ASK THE MASTER GARDENERS
When should I plant summer bulbs?
Summer bulbs that are hardy perennials, such as crocosmia and Oriental lilies, are planted in the fall of the previous year. These overwinter and then will bloom in the summer.
Crocosmia are a magnet for hummingbirds. AP photo.
Summer bulbs that are not hardy to our Hudson Valley climate are planted in the spring, after the cold weather subsides (roughly May 15 to Memorial Day, depending on the tenderness of the specific bulb). In this group we find many lovely plants, including dahlias, gladiolas, cannas and tuberous begonias.
Our Ricky Flores shot this dahila at Stew Leonard’s in Yonkers.
Most tender bulbs require eight hours of sunlight, well-drained soil and adequate moisture while in active growth. Remove faded blossoms to stimulate a greater amount of additional blooms.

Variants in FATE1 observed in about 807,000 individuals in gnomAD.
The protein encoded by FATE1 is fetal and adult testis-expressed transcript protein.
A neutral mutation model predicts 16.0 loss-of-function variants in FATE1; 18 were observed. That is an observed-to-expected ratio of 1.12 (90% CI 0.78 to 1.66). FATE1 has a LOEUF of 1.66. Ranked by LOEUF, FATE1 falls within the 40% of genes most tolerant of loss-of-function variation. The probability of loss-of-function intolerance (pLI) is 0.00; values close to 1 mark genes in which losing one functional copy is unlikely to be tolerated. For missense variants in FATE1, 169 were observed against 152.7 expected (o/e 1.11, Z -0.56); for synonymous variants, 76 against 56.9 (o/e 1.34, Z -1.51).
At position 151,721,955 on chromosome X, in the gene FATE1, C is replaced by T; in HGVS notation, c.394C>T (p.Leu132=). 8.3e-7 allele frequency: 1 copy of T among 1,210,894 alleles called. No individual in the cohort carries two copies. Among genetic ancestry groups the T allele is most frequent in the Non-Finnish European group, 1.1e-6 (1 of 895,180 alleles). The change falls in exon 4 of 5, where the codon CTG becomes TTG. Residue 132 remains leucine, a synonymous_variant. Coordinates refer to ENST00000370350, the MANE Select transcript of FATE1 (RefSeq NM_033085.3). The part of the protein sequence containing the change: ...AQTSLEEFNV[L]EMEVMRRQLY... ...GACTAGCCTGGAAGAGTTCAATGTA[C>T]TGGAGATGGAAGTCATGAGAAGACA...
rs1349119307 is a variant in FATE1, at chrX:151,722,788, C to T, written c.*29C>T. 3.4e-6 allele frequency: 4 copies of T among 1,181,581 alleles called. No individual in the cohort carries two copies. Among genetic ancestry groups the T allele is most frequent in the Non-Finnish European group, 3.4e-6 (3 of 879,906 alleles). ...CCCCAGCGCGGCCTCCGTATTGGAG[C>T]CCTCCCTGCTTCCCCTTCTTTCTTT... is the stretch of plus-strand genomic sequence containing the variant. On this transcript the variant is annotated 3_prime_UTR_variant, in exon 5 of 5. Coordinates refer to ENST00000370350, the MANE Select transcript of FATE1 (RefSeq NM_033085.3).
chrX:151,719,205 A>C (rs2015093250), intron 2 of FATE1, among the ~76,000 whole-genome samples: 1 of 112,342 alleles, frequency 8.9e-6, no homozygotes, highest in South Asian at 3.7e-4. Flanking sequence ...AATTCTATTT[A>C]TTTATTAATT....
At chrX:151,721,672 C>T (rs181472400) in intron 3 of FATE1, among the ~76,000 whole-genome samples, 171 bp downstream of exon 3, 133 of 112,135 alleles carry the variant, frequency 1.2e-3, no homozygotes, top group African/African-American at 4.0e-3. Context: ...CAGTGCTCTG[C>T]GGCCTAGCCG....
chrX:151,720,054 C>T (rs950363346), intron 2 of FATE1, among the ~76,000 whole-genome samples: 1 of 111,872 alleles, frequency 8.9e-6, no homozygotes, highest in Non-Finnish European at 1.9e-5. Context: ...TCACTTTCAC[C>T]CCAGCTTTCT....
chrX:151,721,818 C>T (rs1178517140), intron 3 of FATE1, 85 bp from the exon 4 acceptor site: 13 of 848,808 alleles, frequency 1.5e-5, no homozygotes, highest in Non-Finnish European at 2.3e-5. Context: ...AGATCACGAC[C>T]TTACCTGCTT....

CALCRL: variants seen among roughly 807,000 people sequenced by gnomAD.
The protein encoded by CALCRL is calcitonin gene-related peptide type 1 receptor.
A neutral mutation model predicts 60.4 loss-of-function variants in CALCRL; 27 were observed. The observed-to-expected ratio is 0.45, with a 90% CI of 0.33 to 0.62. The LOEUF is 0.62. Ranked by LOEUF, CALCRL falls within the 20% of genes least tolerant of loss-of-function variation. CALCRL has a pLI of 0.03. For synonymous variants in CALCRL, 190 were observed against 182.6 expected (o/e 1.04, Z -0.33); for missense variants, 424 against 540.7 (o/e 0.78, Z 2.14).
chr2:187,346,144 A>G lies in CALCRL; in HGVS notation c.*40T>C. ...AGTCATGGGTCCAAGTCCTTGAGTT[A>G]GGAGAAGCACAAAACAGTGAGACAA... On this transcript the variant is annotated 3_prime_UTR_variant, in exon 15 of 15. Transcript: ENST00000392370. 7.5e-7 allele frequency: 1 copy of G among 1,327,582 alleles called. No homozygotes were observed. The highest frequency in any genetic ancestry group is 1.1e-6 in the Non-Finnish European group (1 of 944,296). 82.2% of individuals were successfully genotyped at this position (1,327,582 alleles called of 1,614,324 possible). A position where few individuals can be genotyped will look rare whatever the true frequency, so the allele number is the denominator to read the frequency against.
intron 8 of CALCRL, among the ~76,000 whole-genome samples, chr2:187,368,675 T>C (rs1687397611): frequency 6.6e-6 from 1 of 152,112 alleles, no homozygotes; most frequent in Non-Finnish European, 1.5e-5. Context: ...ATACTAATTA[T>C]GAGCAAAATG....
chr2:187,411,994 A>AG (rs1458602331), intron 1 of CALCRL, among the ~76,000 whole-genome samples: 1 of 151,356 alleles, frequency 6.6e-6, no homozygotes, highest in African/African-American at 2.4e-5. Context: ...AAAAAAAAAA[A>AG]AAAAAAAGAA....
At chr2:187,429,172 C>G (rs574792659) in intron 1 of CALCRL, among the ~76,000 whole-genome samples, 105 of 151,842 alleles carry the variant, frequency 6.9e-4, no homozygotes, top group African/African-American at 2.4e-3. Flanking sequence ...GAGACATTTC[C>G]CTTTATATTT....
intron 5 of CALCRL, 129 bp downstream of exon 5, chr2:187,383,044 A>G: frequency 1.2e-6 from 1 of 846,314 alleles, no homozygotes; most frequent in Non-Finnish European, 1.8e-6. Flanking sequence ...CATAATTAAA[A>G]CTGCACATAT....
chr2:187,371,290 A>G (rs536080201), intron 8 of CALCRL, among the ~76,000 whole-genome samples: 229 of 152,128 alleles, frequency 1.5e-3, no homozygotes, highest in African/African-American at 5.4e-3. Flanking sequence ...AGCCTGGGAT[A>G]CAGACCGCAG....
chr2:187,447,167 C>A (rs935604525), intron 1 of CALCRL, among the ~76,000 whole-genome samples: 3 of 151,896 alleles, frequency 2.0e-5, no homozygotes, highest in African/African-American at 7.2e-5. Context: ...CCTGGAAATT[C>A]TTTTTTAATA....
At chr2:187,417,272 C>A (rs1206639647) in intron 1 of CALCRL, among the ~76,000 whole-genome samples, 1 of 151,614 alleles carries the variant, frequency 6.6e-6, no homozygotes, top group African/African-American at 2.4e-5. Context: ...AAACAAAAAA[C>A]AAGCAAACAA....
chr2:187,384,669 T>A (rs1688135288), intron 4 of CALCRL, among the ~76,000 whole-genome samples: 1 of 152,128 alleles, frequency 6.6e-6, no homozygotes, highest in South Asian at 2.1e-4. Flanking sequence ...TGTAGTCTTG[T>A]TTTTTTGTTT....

You may expedite the flowering of slower-growing summer bulbs by starting them indoors in containers in potting soil (garden soil is too heavy). This permits them to start their growing season where it is warmer and watering is more controlled. If the plants remain in the pots for the summer, fertilize them regularly during the growing season.
A dahlia in Pepe Maynard’s Bedford garden. Tania Savayan.
Many tender bulbs should be removed from the soil in preparation for winter dormancy. It is easy to remove them from pots at your convenience indoors. Store them in vermiculite or newspaper in one layer in a box that allows for air circulation. Keep the bulbs in a dry, cool area, protected from freezing.
For more information on caring for summer bulbs, contact your local Cooperative Extension.
Krys Mernyk, master gardener with Cornell Cooperative Extension of Westchester